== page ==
A kitchen manager in a restaurant or other food-service facility has a full plate of responsibilities during the average workweek. This employee is responsible for managing the complex system of a commercial kitchen and keeping tabs on everything that goes on in this fast-paced environment. The duties may vary, some are standard in the industry. This person reports directly to the Executive Chef
1. Hire, Fire and Train - The kitchen manager is the boss in the back of the house. This member of the management team is responsible for hiring workers, firing those who do not perform satisfactorily and training the hires to meet the expectations of the kitchen. In many cases new hires with a little experience may be preferred to those with extensive experience for certain jobs. It can be hard for new hires to adapt to the new management style, making indoctrination into the manager's system a challenge.
2. Cleaning- It is the duty of the kitchen manager to make sure the kitchen and the surrounding areas are kept clean and sanitized. All tables and food preparation areas must be cleaned, wiped down and sanitized on a daily basis. Cleanliness ensures no germs are transferred to the food which could result in a customer becoming sick or ill. The kitchen manager is responsible for the staff as they carry out their duties of kitchen cleanliness.
3. Inventory - A kitchen manager is responsible for overseeing the inventory. They must order inventory as well as make sure that the proper levels of inventory are maintained and stocked. Having the correct inventory levels will make sure that the necessary ingredients are available for cooking and food preparation. Without proper inventory, kitchens come to a virtual halt. Kitchen supervisors schedule the ordering of inventory and delivery. This schedule is based on menu items and kitchen budget. The supervisor or designated staff double-checks product quantity and quality against invoices when shipments arrive. Special requests by the primary chefs or other staff for inventory typically go through the kitchen supervisor.
4. Leadership - The kitchen manager must have good leadership skills. Many times the kitchen manager will be called upon to be a working manager, which is leading by example. They will need to plan, organize, direct, coordinate, and delegate responsibility to the staff which ensures the goals and objectives, of the kitchen, are met on a daily basis by the staff.
5. Floors - The kitchen manager must make sure the staff keeps the floors clean by sweeping, and mopping, during the shift, and at the end of the shift. A clean floor helps to ensure a safe working environment. The staff is directed by the kitchen manager when it comes to taking trash out to the dumpsters and keeping garbage cans clean and washed.
6. Special Events - Sometimes orders have to be prepared for special occasions such as weddings and banquets. It is the kitchen manager's responsibility to make sure that a customer's order has been prepared to her specifications. The kitchen manager must make sure that quality service is delivered by the staff.
7. Employee Scheduling - coordinate and plan the employee schedules to make certain all shifts are properly staffed. Planning for special events, prepping, operating at peak hours and following allotted kitchen wage budgets requires synchronization. Synchronization schedules the staff and operation of the kitchen at optimum performance and food quality levels. Often, the responsibility of employing and terminating staff falls on the shoulders of kitchen supervisors.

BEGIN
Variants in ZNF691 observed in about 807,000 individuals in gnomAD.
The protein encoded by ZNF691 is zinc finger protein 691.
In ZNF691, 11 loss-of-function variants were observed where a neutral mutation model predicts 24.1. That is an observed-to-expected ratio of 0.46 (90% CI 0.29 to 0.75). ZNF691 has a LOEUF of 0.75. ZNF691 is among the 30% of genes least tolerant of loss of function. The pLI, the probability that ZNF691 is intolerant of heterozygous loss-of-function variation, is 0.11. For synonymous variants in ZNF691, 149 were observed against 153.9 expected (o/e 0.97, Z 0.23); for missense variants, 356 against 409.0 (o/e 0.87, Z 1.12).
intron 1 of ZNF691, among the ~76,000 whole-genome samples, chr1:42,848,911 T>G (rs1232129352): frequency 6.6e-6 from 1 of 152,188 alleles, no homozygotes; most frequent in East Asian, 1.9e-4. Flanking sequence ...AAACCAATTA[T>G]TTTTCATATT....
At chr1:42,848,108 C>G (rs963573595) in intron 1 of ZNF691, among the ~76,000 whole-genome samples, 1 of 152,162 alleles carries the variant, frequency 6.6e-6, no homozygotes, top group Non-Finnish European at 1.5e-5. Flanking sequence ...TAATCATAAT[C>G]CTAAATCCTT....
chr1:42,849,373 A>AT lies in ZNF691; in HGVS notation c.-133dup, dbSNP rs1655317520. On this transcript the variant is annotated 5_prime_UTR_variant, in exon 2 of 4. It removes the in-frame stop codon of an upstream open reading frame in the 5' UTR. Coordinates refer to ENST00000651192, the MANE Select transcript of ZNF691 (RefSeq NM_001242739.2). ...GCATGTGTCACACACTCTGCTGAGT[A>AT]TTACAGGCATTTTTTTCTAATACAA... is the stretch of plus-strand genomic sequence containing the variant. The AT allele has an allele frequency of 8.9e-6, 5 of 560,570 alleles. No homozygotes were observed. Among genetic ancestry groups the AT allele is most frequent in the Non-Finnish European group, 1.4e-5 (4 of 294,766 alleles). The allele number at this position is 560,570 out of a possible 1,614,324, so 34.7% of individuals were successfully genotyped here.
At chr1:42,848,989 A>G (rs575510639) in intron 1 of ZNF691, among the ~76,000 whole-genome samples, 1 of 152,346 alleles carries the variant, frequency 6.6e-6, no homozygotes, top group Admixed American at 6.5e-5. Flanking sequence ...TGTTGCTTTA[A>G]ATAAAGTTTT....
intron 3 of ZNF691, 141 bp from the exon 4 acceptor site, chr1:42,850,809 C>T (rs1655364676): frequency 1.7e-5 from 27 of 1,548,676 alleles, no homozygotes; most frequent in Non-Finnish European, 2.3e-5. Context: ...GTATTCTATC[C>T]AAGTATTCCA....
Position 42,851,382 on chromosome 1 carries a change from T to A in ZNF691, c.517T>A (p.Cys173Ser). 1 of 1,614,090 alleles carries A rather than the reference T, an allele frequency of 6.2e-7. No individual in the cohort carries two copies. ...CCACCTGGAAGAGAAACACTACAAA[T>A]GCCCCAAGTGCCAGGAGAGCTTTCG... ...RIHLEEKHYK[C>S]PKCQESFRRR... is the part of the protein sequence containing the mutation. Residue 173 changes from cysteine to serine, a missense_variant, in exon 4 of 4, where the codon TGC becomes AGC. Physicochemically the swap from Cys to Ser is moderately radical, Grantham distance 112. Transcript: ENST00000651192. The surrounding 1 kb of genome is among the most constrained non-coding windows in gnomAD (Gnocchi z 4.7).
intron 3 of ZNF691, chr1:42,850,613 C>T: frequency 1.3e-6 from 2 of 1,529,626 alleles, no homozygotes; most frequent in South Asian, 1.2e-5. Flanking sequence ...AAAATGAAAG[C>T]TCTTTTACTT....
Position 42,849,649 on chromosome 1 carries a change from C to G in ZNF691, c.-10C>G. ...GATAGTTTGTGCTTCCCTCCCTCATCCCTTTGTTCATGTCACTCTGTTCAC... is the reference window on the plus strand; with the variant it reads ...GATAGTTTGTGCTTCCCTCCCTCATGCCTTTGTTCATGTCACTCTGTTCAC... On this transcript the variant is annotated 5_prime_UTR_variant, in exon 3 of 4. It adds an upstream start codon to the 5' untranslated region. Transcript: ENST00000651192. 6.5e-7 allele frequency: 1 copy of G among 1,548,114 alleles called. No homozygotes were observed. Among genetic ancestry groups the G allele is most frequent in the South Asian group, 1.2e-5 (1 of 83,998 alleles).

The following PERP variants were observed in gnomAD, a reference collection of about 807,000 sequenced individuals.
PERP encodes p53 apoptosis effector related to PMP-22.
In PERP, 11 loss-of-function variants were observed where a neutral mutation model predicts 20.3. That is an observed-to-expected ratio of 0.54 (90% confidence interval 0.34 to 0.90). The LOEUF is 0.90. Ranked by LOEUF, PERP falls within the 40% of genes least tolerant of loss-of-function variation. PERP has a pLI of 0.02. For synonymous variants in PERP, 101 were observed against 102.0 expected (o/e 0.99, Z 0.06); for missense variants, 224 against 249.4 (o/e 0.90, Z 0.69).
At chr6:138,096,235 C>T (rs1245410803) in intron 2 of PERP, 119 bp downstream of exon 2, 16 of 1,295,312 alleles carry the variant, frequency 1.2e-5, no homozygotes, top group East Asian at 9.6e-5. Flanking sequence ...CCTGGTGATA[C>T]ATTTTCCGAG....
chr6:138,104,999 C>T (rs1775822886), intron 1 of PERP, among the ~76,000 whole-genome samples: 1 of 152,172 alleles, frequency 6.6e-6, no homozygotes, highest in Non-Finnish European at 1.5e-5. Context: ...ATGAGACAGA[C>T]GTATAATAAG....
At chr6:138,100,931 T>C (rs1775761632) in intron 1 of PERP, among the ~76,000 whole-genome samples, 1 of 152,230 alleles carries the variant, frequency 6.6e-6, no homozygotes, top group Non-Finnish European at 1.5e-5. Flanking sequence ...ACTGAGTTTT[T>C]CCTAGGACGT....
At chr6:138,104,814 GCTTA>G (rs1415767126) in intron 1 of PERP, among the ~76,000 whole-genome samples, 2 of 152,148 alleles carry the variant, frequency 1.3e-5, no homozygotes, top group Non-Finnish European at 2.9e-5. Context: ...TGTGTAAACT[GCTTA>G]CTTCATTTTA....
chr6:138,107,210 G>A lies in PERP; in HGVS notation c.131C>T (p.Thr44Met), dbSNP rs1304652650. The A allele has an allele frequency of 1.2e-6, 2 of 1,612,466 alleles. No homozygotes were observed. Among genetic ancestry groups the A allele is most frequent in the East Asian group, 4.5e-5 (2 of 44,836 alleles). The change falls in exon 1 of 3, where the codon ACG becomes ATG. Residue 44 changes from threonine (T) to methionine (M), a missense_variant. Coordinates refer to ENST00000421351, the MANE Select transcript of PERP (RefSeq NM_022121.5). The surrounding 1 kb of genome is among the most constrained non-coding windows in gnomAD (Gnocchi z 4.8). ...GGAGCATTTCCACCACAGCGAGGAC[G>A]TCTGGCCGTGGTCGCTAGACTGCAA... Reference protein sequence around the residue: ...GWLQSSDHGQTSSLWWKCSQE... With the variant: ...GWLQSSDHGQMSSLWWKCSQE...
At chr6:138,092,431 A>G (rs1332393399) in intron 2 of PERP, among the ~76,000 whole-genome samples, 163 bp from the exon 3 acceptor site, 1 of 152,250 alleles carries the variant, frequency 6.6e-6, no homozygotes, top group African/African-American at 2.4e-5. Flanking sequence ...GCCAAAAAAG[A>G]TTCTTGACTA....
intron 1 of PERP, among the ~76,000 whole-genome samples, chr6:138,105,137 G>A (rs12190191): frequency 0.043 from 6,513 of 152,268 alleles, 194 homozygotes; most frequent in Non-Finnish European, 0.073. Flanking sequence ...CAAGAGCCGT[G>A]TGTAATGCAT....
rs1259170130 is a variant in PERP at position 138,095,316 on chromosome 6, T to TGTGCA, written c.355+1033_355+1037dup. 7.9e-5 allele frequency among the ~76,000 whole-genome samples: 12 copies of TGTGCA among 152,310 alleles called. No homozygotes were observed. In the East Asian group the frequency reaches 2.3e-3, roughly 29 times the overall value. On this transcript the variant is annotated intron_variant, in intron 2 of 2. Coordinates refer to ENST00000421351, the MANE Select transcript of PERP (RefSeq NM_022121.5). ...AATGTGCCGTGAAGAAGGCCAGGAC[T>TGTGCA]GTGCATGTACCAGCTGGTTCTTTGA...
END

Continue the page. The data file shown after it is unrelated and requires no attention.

8. Conflict Resolution - In all work environments, conflict eventually arises that employees cannot settle among themselves. The kitchen supervisor is a mediator. He listens to both sides and makes a final decision on how to resolve the situation. Complaints of a serious nature are directed to the kitchen supervisor, who turns them over to the human resource department or to the restaurant manager or owner.
9. Equipment Maintenance - Faulty or broken equipment violates health code standards and makes menu preparation challenging, if not impossible. Scheduling routine equipment maintenance and repairs is an important kitchen supervisor responsibility to make certain the kitchen is fully operational.
10. Safety Procedures - The kitchen area is filled with potentially dangerous cooking and preparation equipment. Kitchen supervisors are responsible for correct safety training of staff and enforcement of safety procedures. Supervisors routinely inspect safety equipment and devices, such as fire extinguishers, to make sure they are functional and up to date.
11.Open and Close - A kitchen manager is typically the first person in the door and is often the last one out. The kitchen manager must open the kitchen and prepare it for morning shipments and get all the supplies ready for the first shift of workers coming in. The manager will also have to stay after closing to ensure proper cleaning is done to maintain sanitation standards. This is why there are often multiple kitchen managers working in one restaurant.
Must have 3 years of kitchen experience in a leadership role.
Must be able to stand for long periods
Must be able to communicate effectively with the front of the house leadership
Must be able to work morning, nights and weekends